Actually, it’s neo-COIF, neo-COIN, and neo-con, as in con the American people. May as well throw in the self-congratulatory Congress in the Georgetown con mix as well. But, at some point, Americans need to concede that they are responsible for this absurd connivance and conceit. Become less confused and take control. Start becoming a bit more conscious and, consequently, act with more conviction during these times of being increasingly conned.


It’ is ironic that the conceivers of the Greater Middle East Project, the neo-cons, have envisioned an Islamic Turkey, and now that Turkey is becoming rapidly Islamic and not fitting neatly into their template, another tenet of their ill guided ideology is proven to be established on entirely false premises.

Erdogan and AKP has succeeded in transforming Turkey and the society in general over the last eight years they have been in power, and for the worse, I am afraid. AKP has tapped into the pious and relatively poor, conservative provincial electorate in the right moment in history and was able to obtain single party government. But the gilded image is rapidly waning. AKP’s attempt to solidify its hold on power, and as feared, to pull Turkey away from West and into the Islamist world under the guise of “Democratisation” and “Zero problem” policy with her neighbours is now exposed. Turkey is the oldest institutional democracy which happens to have a 99% Muslim population, but hardly an “Islamic Republic” as Iran.

There has been large scale corruption, nepotism, censorship and intimidation of the press, intentional polarisation of the society along the lines of seculars and Muslims and worse of all, concentrated efforts to weaken the Army, which has over the most of the last century has acted as the safety valve in case Turkey is taken out of the path that Ataturk has laid out for her. The Turkish Army still is the most trusted institution in Turkey, despite several clumsy interventions in the past, however with wide popular support.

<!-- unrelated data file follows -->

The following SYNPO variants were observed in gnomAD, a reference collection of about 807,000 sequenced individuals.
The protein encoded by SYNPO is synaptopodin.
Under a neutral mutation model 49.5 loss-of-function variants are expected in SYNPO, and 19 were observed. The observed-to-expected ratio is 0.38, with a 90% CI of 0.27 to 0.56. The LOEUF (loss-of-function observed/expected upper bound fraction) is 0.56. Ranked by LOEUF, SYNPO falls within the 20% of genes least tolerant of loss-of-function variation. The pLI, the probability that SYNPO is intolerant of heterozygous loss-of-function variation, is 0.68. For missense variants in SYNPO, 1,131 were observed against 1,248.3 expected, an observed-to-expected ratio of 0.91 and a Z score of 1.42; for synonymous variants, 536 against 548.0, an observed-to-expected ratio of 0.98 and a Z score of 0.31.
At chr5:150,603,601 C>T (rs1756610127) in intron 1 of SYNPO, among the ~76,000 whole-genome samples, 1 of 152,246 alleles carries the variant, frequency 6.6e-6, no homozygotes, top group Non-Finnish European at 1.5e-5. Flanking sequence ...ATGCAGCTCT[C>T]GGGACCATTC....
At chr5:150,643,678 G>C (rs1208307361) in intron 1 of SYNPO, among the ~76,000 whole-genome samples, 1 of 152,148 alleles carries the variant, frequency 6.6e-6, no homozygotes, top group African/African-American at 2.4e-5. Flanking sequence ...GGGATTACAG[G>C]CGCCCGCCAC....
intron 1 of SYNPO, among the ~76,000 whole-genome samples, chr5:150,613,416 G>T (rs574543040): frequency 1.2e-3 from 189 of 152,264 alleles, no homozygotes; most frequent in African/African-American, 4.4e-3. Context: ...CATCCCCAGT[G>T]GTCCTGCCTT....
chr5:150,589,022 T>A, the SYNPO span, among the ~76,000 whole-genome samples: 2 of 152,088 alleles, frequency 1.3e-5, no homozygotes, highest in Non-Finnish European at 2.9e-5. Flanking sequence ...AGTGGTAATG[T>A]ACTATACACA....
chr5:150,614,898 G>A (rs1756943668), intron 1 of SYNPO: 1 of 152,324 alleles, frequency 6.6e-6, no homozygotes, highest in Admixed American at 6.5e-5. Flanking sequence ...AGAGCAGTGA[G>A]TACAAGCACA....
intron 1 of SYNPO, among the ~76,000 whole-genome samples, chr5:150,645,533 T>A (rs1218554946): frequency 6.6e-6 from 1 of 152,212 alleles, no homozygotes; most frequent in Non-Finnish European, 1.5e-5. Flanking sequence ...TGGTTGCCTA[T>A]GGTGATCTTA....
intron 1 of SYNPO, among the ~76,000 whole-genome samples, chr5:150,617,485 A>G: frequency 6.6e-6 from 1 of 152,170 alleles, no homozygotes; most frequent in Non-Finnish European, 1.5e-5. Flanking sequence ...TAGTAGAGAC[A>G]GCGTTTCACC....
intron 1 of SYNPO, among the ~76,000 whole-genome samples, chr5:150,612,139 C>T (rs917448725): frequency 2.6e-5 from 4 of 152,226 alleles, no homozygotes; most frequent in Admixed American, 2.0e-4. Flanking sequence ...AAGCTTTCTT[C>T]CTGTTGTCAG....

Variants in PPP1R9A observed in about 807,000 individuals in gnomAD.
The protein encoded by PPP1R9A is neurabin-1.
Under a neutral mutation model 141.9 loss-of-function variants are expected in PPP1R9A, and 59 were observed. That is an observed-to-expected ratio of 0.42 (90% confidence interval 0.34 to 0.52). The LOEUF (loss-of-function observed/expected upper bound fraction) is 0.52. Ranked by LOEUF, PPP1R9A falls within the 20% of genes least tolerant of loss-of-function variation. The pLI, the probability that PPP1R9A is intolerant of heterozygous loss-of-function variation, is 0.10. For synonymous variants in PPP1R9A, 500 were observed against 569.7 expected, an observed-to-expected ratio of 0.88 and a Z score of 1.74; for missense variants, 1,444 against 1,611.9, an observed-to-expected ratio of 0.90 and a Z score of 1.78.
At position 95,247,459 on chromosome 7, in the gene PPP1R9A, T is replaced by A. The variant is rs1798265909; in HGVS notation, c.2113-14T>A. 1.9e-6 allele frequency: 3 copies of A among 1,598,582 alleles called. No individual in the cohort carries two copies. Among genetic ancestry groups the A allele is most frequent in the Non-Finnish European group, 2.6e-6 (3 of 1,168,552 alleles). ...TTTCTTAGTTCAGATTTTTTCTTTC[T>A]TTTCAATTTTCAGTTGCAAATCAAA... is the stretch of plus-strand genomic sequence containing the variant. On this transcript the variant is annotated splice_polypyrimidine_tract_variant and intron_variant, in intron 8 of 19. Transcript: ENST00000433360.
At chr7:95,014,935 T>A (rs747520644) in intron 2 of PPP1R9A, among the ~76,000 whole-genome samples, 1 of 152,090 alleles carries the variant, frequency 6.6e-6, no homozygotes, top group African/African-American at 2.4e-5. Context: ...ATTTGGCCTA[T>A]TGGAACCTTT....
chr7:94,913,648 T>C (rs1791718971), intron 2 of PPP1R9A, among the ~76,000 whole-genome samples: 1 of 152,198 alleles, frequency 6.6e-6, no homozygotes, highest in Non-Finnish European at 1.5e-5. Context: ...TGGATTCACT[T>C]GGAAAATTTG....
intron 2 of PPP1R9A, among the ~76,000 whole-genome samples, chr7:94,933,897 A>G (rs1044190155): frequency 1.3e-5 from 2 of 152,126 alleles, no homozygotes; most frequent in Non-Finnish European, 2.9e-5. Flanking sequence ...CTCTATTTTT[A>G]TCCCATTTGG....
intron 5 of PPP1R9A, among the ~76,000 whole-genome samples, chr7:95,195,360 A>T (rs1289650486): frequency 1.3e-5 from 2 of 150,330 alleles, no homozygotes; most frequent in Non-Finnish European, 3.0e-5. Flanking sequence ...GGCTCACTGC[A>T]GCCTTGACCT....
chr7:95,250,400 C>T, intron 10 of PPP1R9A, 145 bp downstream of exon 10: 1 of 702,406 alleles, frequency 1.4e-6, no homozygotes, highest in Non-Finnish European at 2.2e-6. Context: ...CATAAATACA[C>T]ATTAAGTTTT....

In this respect, all the allegations in WP article are accurate as the “image is rapidly darkening”. but not because of her anti-Israel policies or relations with Iran, but because of the undemocratic and manipulative populism AKP is using to consolidate its power and the clumsy way it is handling foreign policy. Erdogan’s criticism of Israel somehow turned into open anti-semitism in Turkey in the course of last year. The Turkish born Israeli ambassador last week has been stoned and protested in a northern town where he was invited to give a lecture in the local university. The non-islamic and secular majority is watching with due concern as the EU dream fades away, democratic institutions are weakened and Fethullah Gulen continues to infiltrate all levels government and justice system including the police forces. Indeed, it looks bleak at the moment.

On the upside, Turkey still has very strong Democratic institutions, die-hard seculars, a young and educated population and effective NGOs. Religious oriented, polarising ,anti West policies have been tried, and the danger is exposed. Turks are not happy, and will vote AKP out in the next legitimate election. AKP is not the only political entity in Turkey that can pursue an independent and constructive foreign policy in Middle East without following the neo-con line but not turning criticism into anti-Semitism, maintaining economic relationships with her non democratic neighbours, but not a accommodating them, and most important of all without sacrificing the dream of Ataturk for Turkey to take her place within the Western countries.


I do not favor any US alliances with political Islamists. They always seek to disguise their ultimate goals which are:

1- Establish a sharia law state.

2- Retain power at all costs

For Islamists all else is mere tactical maneuver.

It becomes important then, to have a clear definition of the term "political Islamist," and an idea of which major players the definition applies to, does it not?